wjz-13 all-news-99-1-wnew 1057-the-fan 1300logo2_67x35
FIRST WARNING WEATHER: Frost Advisory  Current Conditions | Video Forecast | Radar

Local

Study: Teen Athletes May Not Take Concussions Seriously

View Comments
concussions
Gigi Barnett 370x278 Gigi Barnett
Gigi Barnett anchors the Weekend Morning Edition with Meteorologist...
Read More

CBS Baltimore (con't)

Affordable Care Act Updates:
CBSBaltimore.com/ACA

Health News & Information:
CBSBaltimore.com/Health

Popular Entertainment Photo Galleries

Celebrities With Crazy HairstylesCelebrities With Crazy Hairstyles

Stars Who Had Children Via SurrogatesStars Who Had Children Via Surrogates

The Biggest Nerds In Pop CultureThe Biggest Nerds In Pop Culture

10 Celebrity Cougars10 Celebrity Cougars

Sober Celebrity QuotesSober Celebrity Quotes

» More Photo Galleries

BALTIMORE (WJZ) — An alarming study about teenage athletes. It turns out young players are not taking head injuries very seriously.

Gigi Barnett talks with doctors and coaches about this persistent problem.

The hard hits in high school football come at a cost for some young players. It’s caused sports programs nationwide to tighten up safety rules and crack down on the head injury.

“Before, it was `Toughen up, get back on the field’ but now we know what the damage can do,” said Howard High Head Football Coach Bruce Strunk.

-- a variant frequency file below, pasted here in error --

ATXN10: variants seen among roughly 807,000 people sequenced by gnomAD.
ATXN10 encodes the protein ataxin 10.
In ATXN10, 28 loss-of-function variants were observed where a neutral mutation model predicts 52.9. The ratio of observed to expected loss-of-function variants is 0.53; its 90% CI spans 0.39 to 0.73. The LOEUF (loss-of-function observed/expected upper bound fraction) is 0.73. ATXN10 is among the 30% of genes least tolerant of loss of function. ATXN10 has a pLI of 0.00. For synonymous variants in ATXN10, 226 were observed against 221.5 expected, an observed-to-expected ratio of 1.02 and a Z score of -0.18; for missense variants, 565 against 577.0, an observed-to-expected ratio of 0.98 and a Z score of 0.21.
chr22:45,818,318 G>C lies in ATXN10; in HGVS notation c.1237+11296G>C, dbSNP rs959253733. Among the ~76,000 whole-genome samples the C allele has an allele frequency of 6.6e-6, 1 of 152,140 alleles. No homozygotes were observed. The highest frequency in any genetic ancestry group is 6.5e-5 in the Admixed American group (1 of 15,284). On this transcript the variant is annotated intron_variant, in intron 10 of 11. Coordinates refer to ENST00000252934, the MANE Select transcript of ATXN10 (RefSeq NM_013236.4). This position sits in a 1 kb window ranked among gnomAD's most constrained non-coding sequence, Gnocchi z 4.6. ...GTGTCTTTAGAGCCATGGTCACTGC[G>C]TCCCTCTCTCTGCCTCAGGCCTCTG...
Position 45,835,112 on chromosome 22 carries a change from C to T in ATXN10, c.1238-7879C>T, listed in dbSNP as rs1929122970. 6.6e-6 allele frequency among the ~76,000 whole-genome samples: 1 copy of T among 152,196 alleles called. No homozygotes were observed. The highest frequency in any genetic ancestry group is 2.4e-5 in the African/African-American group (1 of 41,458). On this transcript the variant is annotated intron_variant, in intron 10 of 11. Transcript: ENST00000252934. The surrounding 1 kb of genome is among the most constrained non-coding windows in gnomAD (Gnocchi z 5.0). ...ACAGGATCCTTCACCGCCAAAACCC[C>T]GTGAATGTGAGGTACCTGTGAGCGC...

Doctors say even light concussions, if untreated, can cause severe harm to the brain like memory loss, major depression and even Alzheimer’s later in life.

But now, a new survey released this week shows young players won’t report a concussion, even if they feel the headache and dizziness that could come with a big hit on the field.

“These kids are playing for real. Unfortunately, if you’re playing for real, the injuries are for real,” said Dr. Marc Leavy.

Dr. Marc Leavy is a primary care physician at Mercy Medical Center. He says while many coaches teach the dangers of concussions, some students overlook the warning.

“Football is not a contact sport. Football is a collision sport,” Strunk said.

Strunk says he no longer relies on the word of players to determine if they’re well enough to return to the game.

“I never ask if a kid has a concussion. I look at the symptoms. Are they there?” Strunk said.

Nearly half of the students surveyed said they would not tell their coach if they had concussion symptoms.

Doctors say the concussions aren’t limited to football but to other contact sports.

View Comments
blog comments powered by Disqus